If you’ve been diagnosed with uterine fibroids, you’ve probably wondered, “Can fibroids shrink on their own?” Well, it depends on your age and possibly a few other factors.
Uterine fibroids seem to grow in response to a woman’s estrogen production. And, because most fibroids stop growing or may even shrink as a woman approaches menopause, your doctor may recommend “watchful waiting,” depending on your symptoms and how close you are to the age of menopause. Watchful waiting means that the doctor will monitor your symptoms to ensure that there is no indication the fibroids are growing or that your fibroids are causing any significant symptoms.
Unless fibroids are causing discomfort, excessive bleeding, or bladder problems, treatment may not be necessary. You should be evaluated regularly to discuss your symptoms and to monitor the size of your fibroid and uterus. Your doctor will conduct pelvic and abdominal examinations to evaluate size.
Can Fibroids Shrink and Disappear on Their Own?
Fibroids can increase in size at different rates in each person. Some people experience rapidly growing fibroids with worsening symptoms, whereas other women hardly notice their fibroids and they gradually disappear on their own. A fibroid-friendly diet rich in fruits, leafy green vegetables, whole milk, and eggs, and low in fats and red meat, may slow the growth of fibroids or reduce symptoms.
Other Treatment Options for Uterine Fibroids
Fibroids are likely to grow each year until menopause, but it isn’t a foregone conclusion that you need treatment. For women whose fibroids are large or are causing significant issues, treatment may be necessary. Your doctor will determine your treatment based on: (i)
- Your overall health and medical history
- The extent of your fibroids
- Expectations for the course of your condition
- Your desire to become pregnant
- Your tolerance for specific medications, procedures, or therapies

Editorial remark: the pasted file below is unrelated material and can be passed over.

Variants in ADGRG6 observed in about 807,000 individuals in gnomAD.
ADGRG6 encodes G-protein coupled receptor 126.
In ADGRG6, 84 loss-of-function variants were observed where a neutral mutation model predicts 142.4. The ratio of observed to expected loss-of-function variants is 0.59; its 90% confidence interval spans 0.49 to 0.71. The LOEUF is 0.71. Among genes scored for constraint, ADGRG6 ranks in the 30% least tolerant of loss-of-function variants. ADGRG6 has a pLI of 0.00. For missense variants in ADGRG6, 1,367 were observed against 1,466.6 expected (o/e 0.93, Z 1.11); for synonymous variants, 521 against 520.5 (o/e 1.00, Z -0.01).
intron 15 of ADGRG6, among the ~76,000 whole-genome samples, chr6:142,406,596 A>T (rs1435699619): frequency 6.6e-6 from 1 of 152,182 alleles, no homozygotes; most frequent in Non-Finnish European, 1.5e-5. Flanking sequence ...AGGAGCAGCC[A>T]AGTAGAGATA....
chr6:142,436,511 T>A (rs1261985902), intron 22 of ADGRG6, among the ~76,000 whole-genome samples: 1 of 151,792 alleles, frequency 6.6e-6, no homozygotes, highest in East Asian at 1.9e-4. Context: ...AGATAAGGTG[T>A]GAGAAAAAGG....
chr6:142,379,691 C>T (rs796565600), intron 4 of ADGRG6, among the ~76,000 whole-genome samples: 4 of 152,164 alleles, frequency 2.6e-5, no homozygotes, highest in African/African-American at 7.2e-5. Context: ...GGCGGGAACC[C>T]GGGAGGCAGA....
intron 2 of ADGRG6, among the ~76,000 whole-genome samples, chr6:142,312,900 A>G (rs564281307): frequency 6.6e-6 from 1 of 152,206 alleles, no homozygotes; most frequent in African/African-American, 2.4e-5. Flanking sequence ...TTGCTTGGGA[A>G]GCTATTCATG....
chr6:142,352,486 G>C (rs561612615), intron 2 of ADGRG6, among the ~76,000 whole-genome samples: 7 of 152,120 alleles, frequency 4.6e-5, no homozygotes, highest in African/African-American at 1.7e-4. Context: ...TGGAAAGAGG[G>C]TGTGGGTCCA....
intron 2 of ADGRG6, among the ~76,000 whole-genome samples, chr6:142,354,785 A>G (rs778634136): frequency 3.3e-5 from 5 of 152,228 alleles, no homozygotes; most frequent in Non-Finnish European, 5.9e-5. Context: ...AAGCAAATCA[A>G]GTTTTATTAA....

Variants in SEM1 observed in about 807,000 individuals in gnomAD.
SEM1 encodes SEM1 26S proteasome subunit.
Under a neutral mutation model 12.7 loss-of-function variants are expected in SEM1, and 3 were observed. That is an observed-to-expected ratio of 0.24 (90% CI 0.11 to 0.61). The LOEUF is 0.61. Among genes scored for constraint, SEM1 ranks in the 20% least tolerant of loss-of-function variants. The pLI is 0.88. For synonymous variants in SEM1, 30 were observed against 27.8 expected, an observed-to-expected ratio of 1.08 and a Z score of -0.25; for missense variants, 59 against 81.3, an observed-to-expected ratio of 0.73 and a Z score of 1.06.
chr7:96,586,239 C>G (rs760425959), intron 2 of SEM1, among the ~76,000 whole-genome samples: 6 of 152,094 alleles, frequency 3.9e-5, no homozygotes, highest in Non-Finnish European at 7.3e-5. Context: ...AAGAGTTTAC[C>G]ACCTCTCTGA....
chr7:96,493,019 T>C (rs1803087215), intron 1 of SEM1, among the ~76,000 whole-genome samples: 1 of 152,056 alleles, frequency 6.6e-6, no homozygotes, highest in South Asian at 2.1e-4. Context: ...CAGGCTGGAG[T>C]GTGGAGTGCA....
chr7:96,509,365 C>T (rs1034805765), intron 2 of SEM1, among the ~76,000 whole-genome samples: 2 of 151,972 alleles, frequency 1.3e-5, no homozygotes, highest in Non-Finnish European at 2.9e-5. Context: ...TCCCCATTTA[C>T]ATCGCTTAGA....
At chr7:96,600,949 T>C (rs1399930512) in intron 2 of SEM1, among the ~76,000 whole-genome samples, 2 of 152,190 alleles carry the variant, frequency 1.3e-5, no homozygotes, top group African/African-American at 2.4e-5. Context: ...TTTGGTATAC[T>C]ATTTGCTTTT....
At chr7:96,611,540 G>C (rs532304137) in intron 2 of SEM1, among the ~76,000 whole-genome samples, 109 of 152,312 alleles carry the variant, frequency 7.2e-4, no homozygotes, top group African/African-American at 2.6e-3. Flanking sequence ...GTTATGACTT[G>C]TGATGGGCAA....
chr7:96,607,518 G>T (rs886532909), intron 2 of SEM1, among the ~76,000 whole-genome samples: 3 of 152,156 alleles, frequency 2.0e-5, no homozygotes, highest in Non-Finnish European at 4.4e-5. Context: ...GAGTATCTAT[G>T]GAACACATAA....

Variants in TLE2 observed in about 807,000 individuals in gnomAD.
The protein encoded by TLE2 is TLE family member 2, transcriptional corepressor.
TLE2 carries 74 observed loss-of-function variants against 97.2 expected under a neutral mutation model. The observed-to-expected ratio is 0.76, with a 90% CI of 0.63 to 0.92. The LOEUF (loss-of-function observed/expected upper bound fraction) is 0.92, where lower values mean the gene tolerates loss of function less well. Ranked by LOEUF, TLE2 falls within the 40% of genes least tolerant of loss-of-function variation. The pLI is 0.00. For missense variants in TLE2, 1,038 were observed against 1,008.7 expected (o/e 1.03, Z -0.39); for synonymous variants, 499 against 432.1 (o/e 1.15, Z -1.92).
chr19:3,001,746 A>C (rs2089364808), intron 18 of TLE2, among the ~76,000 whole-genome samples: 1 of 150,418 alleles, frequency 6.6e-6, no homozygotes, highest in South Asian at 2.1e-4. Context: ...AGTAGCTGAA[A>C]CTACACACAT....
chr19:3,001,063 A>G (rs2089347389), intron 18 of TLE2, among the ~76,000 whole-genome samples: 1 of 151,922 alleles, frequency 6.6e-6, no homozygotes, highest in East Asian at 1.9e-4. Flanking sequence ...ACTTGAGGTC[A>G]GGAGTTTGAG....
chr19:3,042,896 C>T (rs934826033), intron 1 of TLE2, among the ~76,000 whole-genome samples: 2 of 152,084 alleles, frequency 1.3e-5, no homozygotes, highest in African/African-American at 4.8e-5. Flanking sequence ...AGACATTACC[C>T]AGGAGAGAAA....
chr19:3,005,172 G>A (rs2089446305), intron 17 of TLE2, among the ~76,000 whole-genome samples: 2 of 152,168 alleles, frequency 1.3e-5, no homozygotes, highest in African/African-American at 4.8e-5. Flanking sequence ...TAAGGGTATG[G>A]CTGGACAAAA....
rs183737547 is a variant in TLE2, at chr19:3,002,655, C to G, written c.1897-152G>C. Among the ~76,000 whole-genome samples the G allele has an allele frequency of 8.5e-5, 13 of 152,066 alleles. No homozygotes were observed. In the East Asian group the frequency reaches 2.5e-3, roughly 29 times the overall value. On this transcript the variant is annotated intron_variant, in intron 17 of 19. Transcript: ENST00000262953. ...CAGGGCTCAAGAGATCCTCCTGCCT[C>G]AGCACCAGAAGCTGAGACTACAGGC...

- Your preference
There are several options for shrinking fibroids without surgery:
Medications may temporarily improve symptoms like pain and bleeding but don’t make the fibroids disappear permanently. If you have heavy bleeding, it may be beneficial to explore medication options before having a procedure (ii). Medications include: (iii)
- Nonsteroidal anti-inflammatory drugs, such as aspirin, ibuprofen and naproxen
- Hormonal contraceptives, including birth control pills, vaginal ring, or shots
- Tranexamic acid, a nonhormonal medication taken during the menstrual cycle
- Leuprolide acetate, which reduces estrogen production, creating a temporary menopause
Contraceptives may be more appropriate for younger, sexually active women, whereas older women may prefer nonhormonal treatment (iii). Doctors typically discourage hormone therapy for those with a history of heart attack, stroke, blood clots, or breast cancer, or smokers age 35 or more (iii). Luckily, side effects of these remedies are typically mild, but some women notice breast tenderness, weight gain, mood changes, or stomach aches (iii).
Uterine fibroid embolization (UFE) is a minimally invasive treatment option that has an 85 percent success rate (iii). Appropriate for women who have an enlarged uterus, the procedure uses imaging to identify the artery that supply blood to the fibroids in the uterus. Once found, blood flow to the fibroids is blocked, depriving them of nutrients and shrinking fibroids without surgery.
UFE is recommended for women who are currently not pregnant and have symptomatic uterine fibroids such as excessive bleeding, cramping, pelvic pain, bloating or frequent urination.
Another option is endometrial ablation, which destroys the lining of the uterus. An option for women with a normal-sized uterus and small fibroids, ablation is recommended for women ages 45 and older because pregnancy is no longer possible after this procedure and can increase the risk of hysterectomy for younger women (iii). In fact, a study found that approximately 40 percent of women age 40 or younger who had endometrial ablation later had a hysterectomy (iii).
For more information about UFE, download our free fact sheet, Understanding Uterine Fibroid Embolization. To learn if you’re a candidate for UFE, call 844-UFE-CARE (833-2273) today to schedule an appointment with a vascular specialist.
(i) UCLA Health. (n.d.). Fibroids. Retrieved December 10, 2018, from http://obgyn.ucla.edu/fibroids.
(ii) University of California San Francisco Health. (n.d.). Fibroids treatment. Retrieved December 10, 2018, from https://www.ucsfhealth.org/conditions/fibroids/treatment.html.
(iii) Bradley, L. (2016, February 05). Treat your most troublesome fibroids – without a hysterectomy. Retrieved December 10, 2018, from https://health.clevelandclinic.org/treat-troublesome-fibroids-without-hysterectomy/